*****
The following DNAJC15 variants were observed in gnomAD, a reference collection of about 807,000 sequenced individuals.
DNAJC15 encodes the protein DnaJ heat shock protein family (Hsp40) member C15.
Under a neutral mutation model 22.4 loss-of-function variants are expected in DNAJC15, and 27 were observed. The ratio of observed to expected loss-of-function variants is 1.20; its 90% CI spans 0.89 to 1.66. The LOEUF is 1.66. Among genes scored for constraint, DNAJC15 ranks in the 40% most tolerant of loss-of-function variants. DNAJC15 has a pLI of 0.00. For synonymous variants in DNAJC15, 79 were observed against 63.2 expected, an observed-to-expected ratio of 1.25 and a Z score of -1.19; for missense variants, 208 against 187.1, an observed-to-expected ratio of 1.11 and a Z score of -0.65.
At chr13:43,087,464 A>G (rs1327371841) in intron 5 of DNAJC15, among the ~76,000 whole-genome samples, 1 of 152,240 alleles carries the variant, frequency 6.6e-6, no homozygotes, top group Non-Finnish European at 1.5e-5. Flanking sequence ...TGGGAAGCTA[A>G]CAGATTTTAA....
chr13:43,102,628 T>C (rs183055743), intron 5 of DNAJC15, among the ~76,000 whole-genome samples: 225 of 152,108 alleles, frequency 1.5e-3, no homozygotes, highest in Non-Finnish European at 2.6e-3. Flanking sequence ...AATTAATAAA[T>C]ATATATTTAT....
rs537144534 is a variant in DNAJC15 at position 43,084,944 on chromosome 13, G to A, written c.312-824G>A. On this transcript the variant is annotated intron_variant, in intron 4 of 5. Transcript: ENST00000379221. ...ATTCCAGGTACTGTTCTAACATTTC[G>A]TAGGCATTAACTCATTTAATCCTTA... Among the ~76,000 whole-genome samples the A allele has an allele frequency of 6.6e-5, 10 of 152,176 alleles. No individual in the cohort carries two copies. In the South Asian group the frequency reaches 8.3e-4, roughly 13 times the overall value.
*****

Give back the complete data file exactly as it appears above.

The following DNAJC15 variants were observed in gnomAD, a reference collection of about 807,000 sequenced individuals.
DNAJC15 encodes the protein DnaJ heat shock protein family (Hsp40) member C15.
Under a neutral mutation model 22.4 loss-of-function variants are expected in DNAJC15, and 27 were observed. The ratio of observed to expected loss-of-function variants is 1.20; its 90% CI spans 0.89 to 1.66. The LOEUF is 1.66. Among genes scored for constraint, DNAJC15 ranks in the 40% most tolerant of loss-of-function variants. DNAJC15 has a pLI of 0.00. For synonymous variants in DNAJC15, 79 were observed against 63.2 expected, an observed-to-expected ratio of 1.25 and a Z score of -1.19; for missense variants, 208 against 187.1, an observed-to-expected ratio of 1.11 and a Z score of -0.65.
At chr13:43,087,464 A>G (rs1327371841) in intron 5 of DNAJC15, among the ~76,000 whole-genome samples, 1 of 152,240 alleles carries the variant, frequency 6.6e-6, no homozygotes, top group Non-Finnish European at 1.5e-5. Flanking sequence ...TGGGAAGCTA[A>G]CAGATTTTAA....
chr13:43,102,628 T>C (rs183055743), intron 5 of DNAJC15, among the ~76,000 whole-genome samples: 225 of 152,108 alleles, frequency 1.5e-3, no homozygotes, highest in Non-Finnish European at 2.6e-3. Flanking sequence ...AATTAATAAA[T>C]ATATATTTAT....
rs537144534 is a variant in DNAJC15 at position 43,084,944 on chromosome 13, G to A, written c.312-824G>A. On this transcript the variant is annotated intron_variant, in intron 4 of 5. Transcript: ENST00000379221. ...ATTCCAGGTACTGTTCTAACATTTC[G>A]TAGGCATTAACTCATTTAATCCTTA... Among the ~76,000 whole-genome samples the A allele has an allele frequency of 6.6e-5, 10 of 152,176 alleles. No individual in the cohort carries two copies. In the South Asian group the frequency reaches 8.3e-4, roughly 13 times the overall value.